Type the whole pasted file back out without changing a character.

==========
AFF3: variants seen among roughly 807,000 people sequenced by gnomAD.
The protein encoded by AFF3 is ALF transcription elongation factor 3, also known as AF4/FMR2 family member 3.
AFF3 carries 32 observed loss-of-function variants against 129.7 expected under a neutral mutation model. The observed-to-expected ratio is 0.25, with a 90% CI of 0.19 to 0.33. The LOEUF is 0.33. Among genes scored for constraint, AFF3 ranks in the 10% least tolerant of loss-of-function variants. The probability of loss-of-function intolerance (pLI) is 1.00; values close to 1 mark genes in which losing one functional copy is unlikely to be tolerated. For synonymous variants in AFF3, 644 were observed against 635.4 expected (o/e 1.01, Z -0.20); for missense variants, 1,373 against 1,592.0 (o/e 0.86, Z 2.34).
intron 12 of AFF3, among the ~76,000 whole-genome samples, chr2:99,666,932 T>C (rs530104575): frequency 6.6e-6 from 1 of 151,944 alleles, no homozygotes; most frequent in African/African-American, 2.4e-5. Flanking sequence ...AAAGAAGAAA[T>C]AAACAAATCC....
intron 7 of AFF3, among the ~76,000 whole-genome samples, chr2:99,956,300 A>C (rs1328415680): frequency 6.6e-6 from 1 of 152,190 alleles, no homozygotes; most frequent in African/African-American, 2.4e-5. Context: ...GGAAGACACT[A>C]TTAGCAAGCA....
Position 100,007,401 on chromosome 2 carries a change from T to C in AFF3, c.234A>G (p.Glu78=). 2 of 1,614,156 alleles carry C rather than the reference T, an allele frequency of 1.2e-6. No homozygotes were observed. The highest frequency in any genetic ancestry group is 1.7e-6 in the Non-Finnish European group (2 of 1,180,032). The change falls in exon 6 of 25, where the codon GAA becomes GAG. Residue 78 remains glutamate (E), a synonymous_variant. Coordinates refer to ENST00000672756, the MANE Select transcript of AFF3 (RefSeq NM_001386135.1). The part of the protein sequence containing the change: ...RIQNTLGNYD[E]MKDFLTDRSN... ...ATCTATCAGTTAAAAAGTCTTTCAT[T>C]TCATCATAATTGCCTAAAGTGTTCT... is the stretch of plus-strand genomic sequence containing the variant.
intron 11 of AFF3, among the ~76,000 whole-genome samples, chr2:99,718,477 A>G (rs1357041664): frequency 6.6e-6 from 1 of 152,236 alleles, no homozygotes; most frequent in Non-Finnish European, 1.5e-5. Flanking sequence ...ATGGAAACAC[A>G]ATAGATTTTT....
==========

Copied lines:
AFF3: variants seen among roughly 807,000 people sequenced by gnomAD.
The protein encoded by AFF3 is ALF transcription elongation factor 3, also known as AF4/FMR2 family member 3.
AFF3 carries 32 observed loss-of-function variants against 129.7 expected under a neutral mutation model. The observed-to-expected ratio is 0.25, with a 90% CI of 0.19 to 0.33. The LOEUF is 0.33. Among genes scored for constraint, AFF3 ranks in the 10% least tolerant of loss-of-function variants. The probability of loss-of-function intolerance (pLI) is 1.00; values close to 1 mark genes in which losing one functional copy is unlikely to be tolerated. For synonymous variants in AFF3, 644 were observed against 635.4 expected (o/e 1.01, Z -0.20); for missense variants, 1,373 against 1,592.0 (o/e 0.86, Z 2.34).
intron 12 of AFF3, among the ~76,000 whole-genome samples, chr2:99,666,932 T>C (rs530104575): frequency 6.6e-6 from 1 of 151,944 alleles, no homozygotes; most frequent in African/African-American, 2.4e-5. Flanking sequence ...AAAGAAGAAA[T>C]AAACAAATCC....
intron 7 of AFF3, among the ~76,000 whole-genome samples, chr2:99,956,300 A>C (rs1328415680): frequency 6.6e-6 from 1 of 152,190 alleles, no homozygotes; most frequent in African/African-American, 2.4e-5. Context: ...GGAAGACACT[A>C]TTAGCAAGCA....
Position 100,007,401 on chromosome 2 carries a change from T to C in AFF3, c.234A>G (p.Glu78=). 2 of 1,614,156 alleles carry C rather than the reference T, an allele frequency of 1.2e-6. No homozygotes were observed. The highest frequency in any genetic ancestry group is 1.7e-6 in the Non-Finnish European group (2 of 1,180,032). The change falls in exon 6 of 25, where the codon GAA becomes GAG. Residue 78 remains glutamate (E), a synonymous_variant. Coordinates refer to ENST00000672756, the MANE Select transcript of AFF3 (RefSeq NM_001386135.1). The part of the protein sequence containing the change: ...RIQNTLGNYD[E]MKDFLTDRSN... ...ATCTATCAGTTAAAAAGTCTTTCAT[T>C]TCATCATAATTGCCTAAAGTGTTCT... is the stretch of plus-strand genomic sequence containing the variant.
intron 11 of AFF3, among the ~76,000 whole-genome samples, chr2:99,718,477 A>G (rs1357041664): frequency 6.6e-6 from 1 of 152,236 alleles, no homozygotes; most frequent in Non-Finnish European, 1.5e-5. Flanking sequence ...ATGGAAACAC[A>G]ATAGATTTTT....